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National Fuel Gas’ Appoints New Bd Member from Colorado – Why?

reading tea leavesOne of MDN’s favorite pastimes is reading the tea leaves. Connecting the dots. Warning: sometimes the dots we connect end up not connecting. 🙂 We don’t bring you every personnel announcement, especially new appointments to boards of directors, because, well, how does that affect the average landowner, driller or business that wants to profit from the Marcellus/Utica? We try to bring you relevant news–things that impact you. Today we have an observation–purely speculative–about a new board of directors appointment. National Fuel Gas Company, a Buffalo, NY-based utility that also has a big drilling division (Seneca Resources) and a large midstream (pipelines) operation, has just named Joseph N. Jaggers to its board of directors. Who is he and what does his appointment portend?…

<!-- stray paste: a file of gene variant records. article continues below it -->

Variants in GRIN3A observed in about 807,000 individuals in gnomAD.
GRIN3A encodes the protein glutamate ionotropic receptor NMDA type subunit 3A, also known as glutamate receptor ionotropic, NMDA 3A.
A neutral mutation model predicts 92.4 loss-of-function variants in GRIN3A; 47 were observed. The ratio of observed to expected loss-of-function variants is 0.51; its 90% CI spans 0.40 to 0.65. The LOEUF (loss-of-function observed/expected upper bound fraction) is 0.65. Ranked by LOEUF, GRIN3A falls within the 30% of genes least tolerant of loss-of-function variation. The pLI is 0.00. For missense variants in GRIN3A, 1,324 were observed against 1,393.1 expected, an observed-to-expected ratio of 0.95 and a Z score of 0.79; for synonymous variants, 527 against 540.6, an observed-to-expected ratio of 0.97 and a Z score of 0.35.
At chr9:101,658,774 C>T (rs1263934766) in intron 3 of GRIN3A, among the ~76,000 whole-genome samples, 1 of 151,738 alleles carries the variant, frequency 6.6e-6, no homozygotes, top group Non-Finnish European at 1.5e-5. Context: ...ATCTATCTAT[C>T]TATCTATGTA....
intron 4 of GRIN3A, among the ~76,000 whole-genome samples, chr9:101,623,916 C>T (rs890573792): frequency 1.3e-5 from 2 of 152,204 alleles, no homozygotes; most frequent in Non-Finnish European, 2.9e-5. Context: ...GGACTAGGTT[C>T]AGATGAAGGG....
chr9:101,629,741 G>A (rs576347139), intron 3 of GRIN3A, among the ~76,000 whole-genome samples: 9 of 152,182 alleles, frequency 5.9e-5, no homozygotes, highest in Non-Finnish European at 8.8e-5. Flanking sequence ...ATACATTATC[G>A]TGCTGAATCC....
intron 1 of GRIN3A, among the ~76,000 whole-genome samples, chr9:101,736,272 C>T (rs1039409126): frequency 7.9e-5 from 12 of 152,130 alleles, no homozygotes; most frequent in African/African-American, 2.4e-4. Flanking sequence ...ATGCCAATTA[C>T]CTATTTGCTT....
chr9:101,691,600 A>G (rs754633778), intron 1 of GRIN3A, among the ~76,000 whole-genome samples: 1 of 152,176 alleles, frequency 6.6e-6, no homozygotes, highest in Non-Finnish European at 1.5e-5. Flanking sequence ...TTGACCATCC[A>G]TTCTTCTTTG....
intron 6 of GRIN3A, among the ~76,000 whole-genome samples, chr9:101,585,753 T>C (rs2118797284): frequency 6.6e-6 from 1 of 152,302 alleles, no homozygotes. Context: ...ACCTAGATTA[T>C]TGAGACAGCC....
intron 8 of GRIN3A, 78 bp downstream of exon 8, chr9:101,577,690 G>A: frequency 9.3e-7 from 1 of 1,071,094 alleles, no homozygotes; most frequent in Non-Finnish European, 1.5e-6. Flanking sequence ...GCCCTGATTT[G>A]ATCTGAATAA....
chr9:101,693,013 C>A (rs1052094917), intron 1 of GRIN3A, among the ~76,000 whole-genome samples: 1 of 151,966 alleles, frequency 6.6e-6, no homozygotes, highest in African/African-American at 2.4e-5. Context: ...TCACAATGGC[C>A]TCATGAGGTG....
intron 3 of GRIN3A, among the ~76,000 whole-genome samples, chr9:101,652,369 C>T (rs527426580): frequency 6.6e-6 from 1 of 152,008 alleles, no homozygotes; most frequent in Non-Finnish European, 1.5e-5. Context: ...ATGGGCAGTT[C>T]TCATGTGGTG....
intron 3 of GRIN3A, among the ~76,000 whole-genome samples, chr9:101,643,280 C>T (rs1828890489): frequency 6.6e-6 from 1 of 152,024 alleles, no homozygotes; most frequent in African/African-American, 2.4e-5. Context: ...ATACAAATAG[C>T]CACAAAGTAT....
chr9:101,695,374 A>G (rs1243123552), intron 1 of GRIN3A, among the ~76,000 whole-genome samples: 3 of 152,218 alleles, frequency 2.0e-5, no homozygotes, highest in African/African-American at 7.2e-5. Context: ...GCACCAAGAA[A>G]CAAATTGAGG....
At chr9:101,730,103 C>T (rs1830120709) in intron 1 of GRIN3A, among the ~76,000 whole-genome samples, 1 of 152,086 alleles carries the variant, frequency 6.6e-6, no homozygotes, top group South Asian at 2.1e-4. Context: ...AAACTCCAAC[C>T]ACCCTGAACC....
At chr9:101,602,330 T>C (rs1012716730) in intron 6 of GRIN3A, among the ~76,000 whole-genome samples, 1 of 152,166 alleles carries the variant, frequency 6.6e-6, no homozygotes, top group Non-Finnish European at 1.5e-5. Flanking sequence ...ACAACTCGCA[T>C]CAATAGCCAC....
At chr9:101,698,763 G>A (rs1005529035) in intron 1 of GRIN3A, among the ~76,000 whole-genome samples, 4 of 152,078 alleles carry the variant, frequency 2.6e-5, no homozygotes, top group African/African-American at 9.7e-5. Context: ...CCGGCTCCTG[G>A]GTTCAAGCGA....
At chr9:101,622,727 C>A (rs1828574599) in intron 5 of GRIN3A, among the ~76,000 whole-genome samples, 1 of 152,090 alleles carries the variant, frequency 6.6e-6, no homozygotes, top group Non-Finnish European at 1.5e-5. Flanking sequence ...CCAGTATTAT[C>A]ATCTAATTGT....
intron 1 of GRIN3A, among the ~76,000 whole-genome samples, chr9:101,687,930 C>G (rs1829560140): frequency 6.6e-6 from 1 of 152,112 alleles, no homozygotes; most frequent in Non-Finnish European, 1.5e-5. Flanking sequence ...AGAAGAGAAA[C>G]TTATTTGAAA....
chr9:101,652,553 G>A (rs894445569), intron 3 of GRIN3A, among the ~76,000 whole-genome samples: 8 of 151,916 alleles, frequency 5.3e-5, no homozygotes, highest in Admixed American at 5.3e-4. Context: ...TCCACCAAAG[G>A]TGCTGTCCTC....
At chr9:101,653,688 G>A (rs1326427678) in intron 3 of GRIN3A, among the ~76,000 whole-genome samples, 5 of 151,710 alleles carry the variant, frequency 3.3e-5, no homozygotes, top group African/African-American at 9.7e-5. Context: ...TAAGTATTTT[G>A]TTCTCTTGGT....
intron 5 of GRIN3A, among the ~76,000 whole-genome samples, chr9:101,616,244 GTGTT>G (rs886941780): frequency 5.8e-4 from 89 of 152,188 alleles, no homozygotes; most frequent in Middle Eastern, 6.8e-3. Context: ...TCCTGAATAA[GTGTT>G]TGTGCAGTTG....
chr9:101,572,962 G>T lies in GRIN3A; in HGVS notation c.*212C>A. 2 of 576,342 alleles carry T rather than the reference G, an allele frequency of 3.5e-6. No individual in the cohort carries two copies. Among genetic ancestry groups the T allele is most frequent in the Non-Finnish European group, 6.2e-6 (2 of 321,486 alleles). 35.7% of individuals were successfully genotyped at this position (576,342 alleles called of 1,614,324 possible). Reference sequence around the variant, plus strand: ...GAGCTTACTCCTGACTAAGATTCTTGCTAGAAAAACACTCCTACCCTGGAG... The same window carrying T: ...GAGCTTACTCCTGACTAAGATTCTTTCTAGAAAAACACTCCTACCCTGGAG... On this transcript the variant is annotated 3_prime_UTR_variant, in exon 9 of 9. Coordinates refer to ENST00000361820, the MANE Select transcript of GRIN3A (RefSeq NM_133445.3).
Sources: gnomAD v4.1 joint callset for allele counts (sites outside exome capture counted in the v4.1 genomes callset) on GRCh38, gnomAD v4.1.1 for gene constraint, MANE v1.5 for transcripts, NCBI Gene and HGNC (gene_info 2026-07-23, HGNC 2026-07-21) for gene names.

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American Medical Assoc Votes for Full Disclosure of Frack Chemicals

The American Medical Association (AMA) is inhabited–some would say infested–with politically correct left-leaning liberals. At least that’s true of the leaders of the association. So it’s no surprise that in the name of “health” and “science” the AMA passed a policy at their annual meeting requesting something that already exists–full disclosure of the chemicals used in fracking. It makes no difference that full disclosure is already being done–the AMA is making a political statement–not a health or science statement…
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PA Rabbit Breeder Settles Lawsuit w/Land Co for 168 Dead Rabbits

It took more than a year, but a lawsuit filed by a rabbit breeder in Lycoming County, PA has reached an out of court settlement for the death of some of her rabbits. MDN first told you about this case in May 2014 (see Fracking Killed the Rabbits!). The rabbit breeder, Susan Knowlden and her husband Terry, claim they had an agreement with CGG Land to not fly helicopters near the rabbit farm. CGG was doing seismic testing in the area at the time. CGG was supposed to stay at least 1,000 feet away–a “no fly zone” over the rabbits. But they got too close and “boo!” there goes another rabbit, keeled over dead. Nobody is saying what the settlement is for (confidentiality agreement), but rest assured CGG paid out big money for 168 hasenpfeffers–rabbits they scared, literally, to death…